Erie Railroad Serving the Heart of the Industrial Empire.
18.5 x 40.5 in (46.99 x 102.87 cm)
1 : 1413280
This is a highly graphic 1930 Whitney-Graham Company railroad map of the northeastern United States created to promote industrial development along the Erie Railroad. Coverage extends from Chicago to Cape Cod and from Portland, Maine, and Lake Ontario to Cincinnati, Ohio, and Washington D.C. Red lines trace the routes of the Erie Railroad from Jersey City to Chicago. Purple lines mark the few tracks where the Erie Railroad has Trackage Rights but does not own the rails. Numerous other railroads of varying size are illustrated throughout the map by black lines. Nearly all of these are identified, including the Pennsylvania Railroad, the New York Central and Saint Louis, the Pere Marquette Railway, and the Reading. Cities along the Erie Railroad's trunk lines are identified, while only significant stops are labeled along the branching lines. A series of pictorial vignettes decorate the top and bottom borders and highlight American manufacturing, agriculture, ranching, and shipping.
Industry Along the Erie RailroadThis map is a promotional piece intended to court industrial development along the main Erie Railroad Trunk line. Large farms, factories, warehouses, and shipping depots could apply to have connecting lines constructed right to their doors. Such connections were highly profitable for major railroads, as they forced all traffic onto owned or affiliate lines.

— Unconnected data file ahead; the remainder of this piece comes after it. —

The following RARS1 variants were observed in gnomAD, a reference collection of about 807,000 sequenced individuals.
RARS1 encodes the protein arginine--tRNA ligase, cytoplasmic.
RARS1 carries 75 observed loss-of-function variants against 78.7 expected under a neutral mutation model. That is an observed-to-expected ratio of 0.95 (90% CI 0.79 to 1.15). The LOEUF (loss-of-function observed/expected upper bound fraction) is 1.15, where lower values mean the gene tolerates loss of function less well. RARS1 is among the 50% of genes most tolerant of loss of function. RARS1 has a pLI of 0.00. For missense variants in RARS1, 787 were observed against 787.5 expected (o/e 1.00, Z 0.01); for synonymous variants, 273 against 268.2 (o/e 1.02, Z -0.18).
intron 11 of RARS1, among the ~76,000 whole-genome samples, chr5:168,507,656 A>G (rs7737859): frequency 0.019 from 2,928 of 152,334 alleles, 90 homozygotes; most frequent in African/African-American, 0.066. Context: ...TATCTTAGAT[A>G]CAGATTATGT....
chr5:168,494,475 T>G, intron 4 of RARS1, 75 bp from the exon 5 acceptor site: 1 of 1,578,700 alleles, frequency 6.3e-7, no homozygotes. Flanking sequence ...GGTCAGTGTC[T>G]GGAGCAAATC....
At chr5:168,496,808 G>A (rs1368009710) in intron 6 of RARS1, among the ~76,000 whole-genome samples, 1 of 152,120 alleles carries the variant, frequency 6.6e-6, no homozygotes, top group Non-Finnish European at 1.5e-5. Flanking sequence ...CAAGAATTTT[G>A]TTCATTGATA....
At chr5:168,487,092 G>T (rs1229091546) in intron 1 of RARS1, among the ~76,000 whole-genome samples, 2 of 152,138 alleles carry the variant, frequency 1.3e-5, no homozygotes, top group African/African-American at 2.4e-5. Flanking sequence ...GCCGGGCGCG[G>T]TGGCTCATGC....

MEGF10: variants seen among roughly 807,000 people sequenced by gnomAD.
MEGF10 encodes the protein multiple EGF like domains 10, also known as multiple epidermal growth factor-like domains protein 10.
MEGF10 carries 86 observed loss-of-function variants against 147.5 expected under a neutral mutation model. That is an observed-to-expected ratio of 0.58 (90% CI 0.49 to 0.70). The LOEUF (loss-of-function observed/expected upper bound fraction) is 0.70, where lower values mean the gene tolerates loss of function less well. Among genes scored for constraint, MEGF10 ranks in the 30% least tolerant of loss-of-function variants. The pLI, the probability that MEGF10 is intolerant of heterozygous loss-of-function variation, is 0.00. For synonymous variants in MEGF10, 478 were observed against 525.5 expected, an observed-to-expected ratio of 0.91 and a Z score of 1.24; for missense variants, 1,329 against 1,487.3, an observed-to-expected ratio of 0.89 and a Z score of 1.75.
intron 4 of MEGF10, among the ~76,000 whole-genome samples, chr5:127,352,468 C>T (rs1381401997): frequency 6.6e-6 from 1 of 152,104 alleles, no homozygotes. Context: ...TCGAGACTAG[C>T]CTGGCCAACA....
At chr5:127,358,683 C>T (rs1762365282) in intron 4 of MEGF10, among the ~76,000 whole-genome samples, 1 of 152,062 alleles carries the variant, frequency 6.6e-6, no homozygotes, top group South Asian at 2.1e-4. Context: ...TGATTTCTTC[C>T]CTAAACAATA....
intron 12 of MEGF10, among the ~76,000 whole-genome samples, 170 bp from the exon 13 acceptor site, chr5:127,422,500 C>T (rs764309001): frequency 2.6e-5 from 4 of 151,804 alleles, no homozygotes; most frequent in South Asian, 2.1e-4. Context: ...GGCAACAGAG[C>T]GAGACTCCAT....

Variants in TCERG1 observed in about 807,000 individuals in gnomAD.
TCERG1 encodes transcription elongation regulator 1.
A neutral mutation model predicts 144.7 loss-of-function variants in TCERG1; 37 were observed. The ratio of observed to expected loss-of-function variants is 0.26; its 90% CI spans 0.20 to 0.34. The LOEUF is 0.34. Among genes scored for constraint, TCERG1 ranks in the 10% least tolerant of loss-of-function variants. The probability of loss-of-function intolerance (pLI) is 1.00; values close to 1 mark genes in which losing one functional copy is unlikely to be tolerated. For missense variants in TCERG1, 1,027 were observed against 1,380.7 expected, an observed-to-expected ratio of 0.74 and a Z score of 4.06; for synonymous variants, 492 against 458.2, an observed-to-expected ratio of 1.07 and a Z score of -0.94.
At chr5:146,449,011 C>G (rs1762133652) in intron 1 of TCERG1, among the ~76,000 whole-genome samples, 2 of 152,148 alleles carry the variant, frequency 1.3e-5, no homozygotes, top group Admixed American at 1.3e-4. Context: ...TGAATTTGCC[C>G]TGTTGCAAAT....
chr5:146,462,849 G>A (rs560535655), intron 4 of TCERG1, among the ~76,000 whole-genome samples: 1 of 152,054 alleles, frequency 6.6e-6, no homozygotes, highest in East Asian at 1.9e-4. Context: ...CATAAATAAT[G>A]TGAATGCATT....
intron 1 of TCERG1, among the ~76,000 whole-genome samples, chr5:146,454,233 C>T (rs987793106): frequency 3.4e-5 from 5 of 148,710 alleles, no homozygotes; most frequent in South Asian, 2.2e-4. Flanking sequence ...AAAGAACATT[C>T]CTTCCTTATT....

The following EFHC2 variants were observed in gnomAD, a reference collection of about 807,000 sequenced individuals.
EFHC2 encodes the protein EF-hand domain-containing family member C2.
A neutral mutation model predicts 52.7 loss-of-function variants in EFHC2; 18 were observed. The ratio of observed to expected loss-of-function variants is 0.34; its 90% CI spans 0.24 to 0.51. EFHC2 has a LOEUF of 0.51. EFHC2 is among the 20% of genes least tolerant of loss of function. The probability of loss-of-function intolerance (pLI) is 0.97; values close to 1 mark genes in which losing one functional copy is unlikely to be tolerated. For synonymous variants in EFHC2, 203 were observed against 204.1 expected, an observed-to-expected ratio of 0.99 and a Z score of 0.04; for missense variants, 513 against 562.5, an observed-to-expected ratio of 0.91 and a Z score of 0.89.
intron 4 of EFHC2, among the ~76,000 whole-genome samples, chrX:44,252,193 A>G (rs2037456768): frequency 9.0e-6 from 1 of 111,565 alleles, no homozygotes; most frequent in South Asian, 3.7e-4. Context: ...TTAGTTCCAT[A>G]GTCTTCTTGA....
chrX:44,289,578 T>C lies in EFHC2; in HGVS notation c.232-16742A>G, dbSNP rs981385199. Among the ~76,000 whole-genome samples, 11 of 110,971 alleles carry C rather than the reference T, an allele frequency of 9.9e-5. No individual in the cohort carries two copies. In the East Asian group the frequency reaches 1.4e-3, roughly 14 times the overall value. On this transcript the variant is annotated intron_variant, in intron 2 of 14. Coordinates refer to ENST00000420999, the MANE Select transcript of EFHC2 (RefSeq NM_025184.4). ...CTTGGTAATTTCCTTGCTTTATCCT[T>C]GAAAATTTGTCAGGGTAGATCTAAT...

The Erie RailroadThe Erie Railroad was founded in 1832 as the 'New York and Erie Rail Road'. The original plan for the railroad was to connect Jersey City, New Jersey, with Lake Erie. Following several bankruptcies, acquisitions, and mergers, it was renamed the Erie Railroad in 1895. By this time it had expanded as far as Chicago, with tributary lines servicing Cincinnati, Cleveland, and Buffalo. In 1960, when it merged with the Delaware, Lackawanna and Western Railroad to form the Erie Lackawanna Railroad. The Erie Lackawanna Railroad existed until 1976, when what was left of the railroad was acquired by Conrail. Today, remnants of the Erie Railroad are parts of New Jersey Transit, but most of the surviving routes are operated by the Norfolk Southern Railway.
Publication History and CensusThis map was created by the Whitney-Graham Company and published by the Erie Railroad in 1930. Three examples are cataloged in OCLC and are part of the institutional collection at the Indiana Historical Society, the University of Chicago, and Stanford University. An example is also part of the David Rumsey Map Collection.
The Whitney-Graham Company (fl. c. 1926 - 1942) was a printing and publishing company based in Buffalo, New York active in the early- to mid-twentieth century. The company was headed by Merle B. Whitney and H.H. Graham, both of whom previously worked for Mathews-Northrup based in Washington, D.C.
Good. Exhibits wear along original fold lines. Verso repairs to fold separations. Maps of Chicago and New York City on verso. Attached to original binder.
Rumsey 12329.002. OCLC 57126719.